L@S investigates large-scale, technology-mediated learning environments that typically have many active learners and few experts on hand to guide their progress or respond to individual needs. Modern learning at scale typically draws on data at scale, collected from current learners and previous cohorts of learners over time. Large-scale learning environments are very diverse: evolving forms of massive open online courses, intelligent tutoring systems, open learning courseware, learning games, citizen science communities, collaborative programming communities (such as Scratch), community tutorial systems (such as StackOverflow), shared critique communities (such as DeviantArt), and countless informal communities of learners (such as the Explain It Like I’m Five sub-Reddit) are all examples of learning at scale. A growing number of current campus-based courses in popular fields also involve many learners, relative to the number of course staff, and leverage varying forms of data collection and automated support. All share a common purpose to increase human potential, leveraging data collection, data analysis, human interaction, and varying forms of computational assessment, adaptation and guidance.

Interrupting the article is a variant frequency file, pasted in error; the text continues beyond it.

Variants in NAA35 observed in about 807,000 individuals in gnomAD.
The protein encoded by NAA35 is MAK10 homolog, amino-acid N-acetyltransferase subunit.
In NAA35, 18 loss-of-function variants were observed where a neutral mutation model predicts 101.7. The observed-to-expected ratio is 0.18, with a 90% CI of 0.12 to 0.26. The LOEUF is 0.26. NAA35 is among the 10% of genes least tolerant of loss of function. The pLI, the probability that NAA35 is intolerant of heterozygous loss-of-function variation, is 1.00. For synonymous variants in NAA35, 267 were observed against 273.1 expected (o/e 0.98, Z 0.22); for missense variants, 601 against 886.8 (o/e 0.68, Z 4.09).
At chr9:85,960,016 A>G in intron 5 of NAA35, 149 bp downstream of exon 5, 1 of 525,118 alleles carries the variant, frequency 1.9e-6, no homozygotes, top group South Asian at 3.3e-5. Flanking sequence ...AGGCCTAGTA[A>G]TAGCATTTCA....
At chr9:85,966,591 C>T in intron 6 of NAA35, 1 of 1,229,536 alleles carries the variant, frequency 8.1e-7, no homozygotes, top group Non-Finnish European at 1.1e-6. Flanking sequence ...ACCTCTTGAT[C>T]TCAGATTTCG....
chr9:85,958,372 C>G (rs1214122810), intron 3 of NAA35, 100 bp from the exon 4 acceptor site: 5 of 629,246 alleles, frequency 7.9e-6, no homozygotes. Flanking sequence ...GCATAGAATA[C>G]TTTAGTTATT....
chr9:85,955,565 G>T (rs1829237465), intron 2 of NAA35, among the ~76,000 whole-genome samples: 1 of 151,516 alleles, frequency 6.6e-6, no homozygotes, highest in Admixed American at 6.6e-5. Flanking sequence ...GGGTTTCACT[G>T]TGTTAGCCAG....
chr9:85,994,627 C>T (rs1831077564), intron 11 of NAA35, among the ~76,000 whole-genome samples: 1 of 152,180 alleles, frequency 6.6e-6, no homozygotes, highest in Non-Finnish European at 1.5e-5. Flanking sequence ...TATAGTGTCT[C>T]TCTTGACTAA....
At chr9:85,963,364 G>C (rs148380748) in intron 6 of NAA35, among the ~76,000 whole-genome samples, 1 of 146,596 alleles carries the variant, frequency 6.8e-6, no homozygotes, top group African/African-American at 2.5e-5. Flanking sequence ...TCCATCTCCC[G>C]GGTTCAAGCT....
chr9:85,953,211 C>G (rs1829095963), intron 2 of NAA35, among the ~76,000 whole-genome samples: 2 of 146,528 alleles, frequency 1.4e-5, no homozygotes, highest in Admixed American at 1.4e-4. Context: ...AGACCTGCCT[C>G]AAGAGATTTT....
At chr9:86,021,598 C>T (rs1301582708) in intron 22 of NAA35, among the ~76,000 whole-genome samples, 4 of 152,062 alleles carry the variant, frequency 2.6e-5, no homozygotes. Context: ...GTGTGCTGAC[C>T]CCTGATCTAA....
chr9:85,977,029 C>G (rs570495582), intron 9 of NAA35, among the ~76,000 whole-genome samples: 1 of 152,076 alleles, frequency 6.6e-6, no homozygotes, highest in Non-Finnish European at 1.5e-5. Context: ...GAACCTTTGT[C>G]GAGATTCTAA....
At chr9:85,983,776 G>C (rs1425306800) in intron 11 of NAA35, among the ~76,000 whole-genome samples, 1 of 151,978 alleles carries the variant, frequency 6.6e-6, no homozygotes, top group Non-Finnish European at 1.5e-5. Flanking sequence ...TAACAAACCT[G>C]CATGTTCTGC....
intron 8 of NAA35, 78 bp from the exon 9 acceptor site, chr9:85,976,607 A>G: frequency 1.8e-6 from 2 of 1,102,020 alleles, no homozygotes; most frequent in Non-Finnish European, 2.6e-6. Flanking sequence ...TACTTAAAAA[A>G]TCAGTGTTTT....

Research on learning at scale naturally bring together two different research communities. Learning scientists are drawn to study established and emerging forms of knowledge development, transfer, modelling, and co-creation. Computer and data scientists are drawn to the specific and challenging needs for data collection, data sharing, analysis, computation, and interaction. The cornerstone of L@S is interdisciplinary research and progressive confluence toward more effective and varied future learning.
The L@S research community has become increasingly sophisticated, interdisciplinary and diverse. In the early years, researchers began by investigating proxy outcomes for learning, such as measures of participation, persistence, completion, satisfaction, and activity. Early MOOC researchers in particular documented correlations between easily observed measures of activity – videos watched, forums posted, clicks – and these outcome proxies. As the field and tools mature, however, we have increasing expectations for new and established measures of learning. As MOOCs morph into a more varied and provocative medium and L@S research expands, we aim for more direct measures of student learning, accompanied by generalizable insight around instructional techniques, technological infrastructures, learning habits, and experimental interventions that improve learning.